at a later date. The shipyards did refits-no reason why I
~ the 8 barrelled pom poms had rather long barrels, an attempt to trim the barrels
did them no good. I have ordered some White Ensign Model replacements.
NEARLY THERE- one would think…..
~ boats were suspended outboard of the hull with thin strips of plastic card
and straps made from Tamiya tape. Simple thread rigging was added to the davits.
~ rear mast made as per foremast using photo
to gauge approximate height.
The cranes referred to earlier went together very nicely
and were my first attempt at etched brass folding. Crane
bases were cut from tubing from the inside of a defunct ballpoint
pen. The crane cabins were attached, the etched brass jibs
glued on, and “Lo and Behold”- the cranes were
too small compared with those on this class of ship by about
half! The cranes are quite a prominent feature if you look
at the photo of 1942.
My options were to be happy with the “little cranes”,
buy two etched brass detail sets for County Class cruisers
(each with 1 crane) which seemed a little extravagant, or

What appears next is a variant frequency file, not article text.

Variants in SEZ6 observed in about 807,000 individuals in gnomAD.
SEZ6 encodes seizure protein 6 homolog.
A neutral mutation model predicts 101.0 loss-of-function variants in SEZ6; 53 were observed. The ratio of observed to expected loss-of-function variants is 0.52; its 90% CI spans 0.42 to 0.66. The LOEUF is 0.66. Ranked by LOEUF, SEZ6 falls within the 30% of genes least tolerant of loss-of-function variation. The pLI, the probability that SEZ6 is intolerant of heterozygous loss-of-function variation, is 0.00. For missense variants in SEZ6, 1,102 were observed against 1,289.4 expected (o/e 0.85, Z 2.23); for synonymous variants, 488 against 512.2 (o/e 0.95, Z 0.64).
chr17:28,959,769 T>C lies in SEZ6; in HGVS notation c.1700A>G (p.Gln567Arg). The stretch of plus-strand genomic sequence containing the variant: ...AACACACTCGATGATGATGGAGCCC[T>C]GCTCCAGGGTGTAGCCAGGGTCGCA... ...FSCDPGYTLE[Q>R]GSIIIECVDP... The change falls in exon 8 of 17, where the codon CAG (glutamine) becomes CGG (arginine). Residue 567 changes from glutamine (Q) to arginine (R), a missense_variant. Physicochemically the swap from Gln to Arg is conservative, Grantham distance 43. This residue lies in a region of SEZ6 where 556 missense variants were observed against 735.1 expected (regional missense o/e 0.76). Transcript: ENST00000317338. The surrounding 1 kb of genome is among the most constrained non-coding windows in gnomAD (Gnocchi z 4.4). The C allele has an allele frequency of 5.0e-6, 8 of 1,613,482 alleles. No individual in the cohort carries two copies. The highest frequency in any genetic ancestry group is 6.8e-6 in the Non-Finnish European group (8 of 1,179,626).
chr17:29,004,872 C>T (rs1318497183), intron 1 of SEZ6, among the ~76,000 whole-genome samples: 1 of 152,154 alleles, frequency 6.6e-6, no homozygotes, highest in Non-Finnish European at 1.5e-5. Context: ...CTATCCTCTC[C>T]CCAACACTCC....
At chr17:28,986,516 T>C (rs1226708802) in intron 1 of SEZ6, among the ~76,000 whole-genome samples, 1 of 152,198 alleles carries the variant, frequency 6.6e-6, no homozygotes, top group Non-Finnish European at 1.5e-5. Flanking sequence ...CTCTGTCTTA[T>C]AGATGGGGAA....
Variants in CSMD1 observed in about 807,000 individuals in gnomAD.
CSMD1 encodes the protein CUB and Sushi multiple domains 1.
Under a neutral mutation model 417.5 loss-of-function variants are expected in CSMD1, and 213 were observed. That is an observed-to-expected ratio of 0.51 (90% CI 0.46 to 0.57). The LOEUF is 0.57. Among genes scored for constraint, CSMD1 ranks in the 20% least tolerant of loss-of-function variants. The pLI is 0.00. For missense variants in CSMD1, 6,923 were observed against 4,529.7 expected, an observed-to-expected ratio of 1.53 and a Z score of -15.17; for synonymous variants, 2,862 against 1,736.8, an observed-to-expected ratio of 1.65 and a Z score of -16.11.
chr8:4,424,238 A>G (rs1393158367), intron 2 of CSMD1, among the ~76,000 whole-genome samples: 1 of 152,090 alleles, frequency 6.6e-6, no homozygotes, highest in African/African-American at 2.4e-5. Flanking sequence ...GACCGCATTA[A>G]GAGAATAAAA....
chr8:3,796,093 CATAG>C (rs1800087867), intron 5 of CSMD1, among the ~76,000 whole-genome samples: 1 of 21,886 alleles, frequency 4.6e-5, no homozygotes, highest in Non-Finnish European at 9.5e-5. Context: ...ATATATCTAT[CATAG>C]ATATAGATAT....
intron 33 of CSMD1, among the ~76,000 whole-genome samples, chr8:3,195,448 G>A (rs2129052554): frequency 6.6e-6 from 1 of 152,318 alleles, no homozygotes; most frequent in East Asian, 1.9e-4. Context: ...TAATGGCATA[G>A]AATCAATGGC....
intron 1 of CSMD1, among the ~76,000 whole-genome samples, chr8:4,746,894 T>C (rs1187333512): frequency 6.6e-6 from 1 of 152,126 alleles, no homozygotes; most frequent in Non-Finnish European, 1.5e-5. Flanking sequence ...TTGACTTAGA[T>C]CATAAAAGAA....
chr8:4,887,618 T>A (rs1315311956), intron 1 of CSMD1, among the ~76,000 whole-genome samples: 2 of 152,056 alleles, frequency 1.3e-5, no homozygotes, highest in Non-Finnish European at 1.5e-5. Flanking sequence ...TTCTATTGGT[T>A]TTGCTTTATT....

to manufacture some new cranes myself-so off to the crane
factory it was.
This was a lesson in patience and no doubt good for my soul.
It also reminded me not to try modelling when tired, cranky,
with a messy workbench or late at night, and to remember
my deadline was arbitrary. I tried about four different methods
of making the crane jibs, the final method being a mix of
the earlier ones and involved making some jigs from plastic
card with holes in which to mount lengths of fusewire , gluing
shorter strips of wire in place in a lattice pattern, then
joining the two ends of the jib together. The final form
of the cranes is not perfect by any means, but looks more
correct in size. The cranes’ cabins were modified again
with plastic card and scrap plastic based on some fairly
vague photographic evidence.
NOW - we’re about there……
~ The ship was glued to some masonite framed by a cut down
cheap photo frame. The hull protected with some Tamiya
tape whilst “Jo Sonja’s Texture Paste” was
spread over the base and shaped with spoons, spatulas,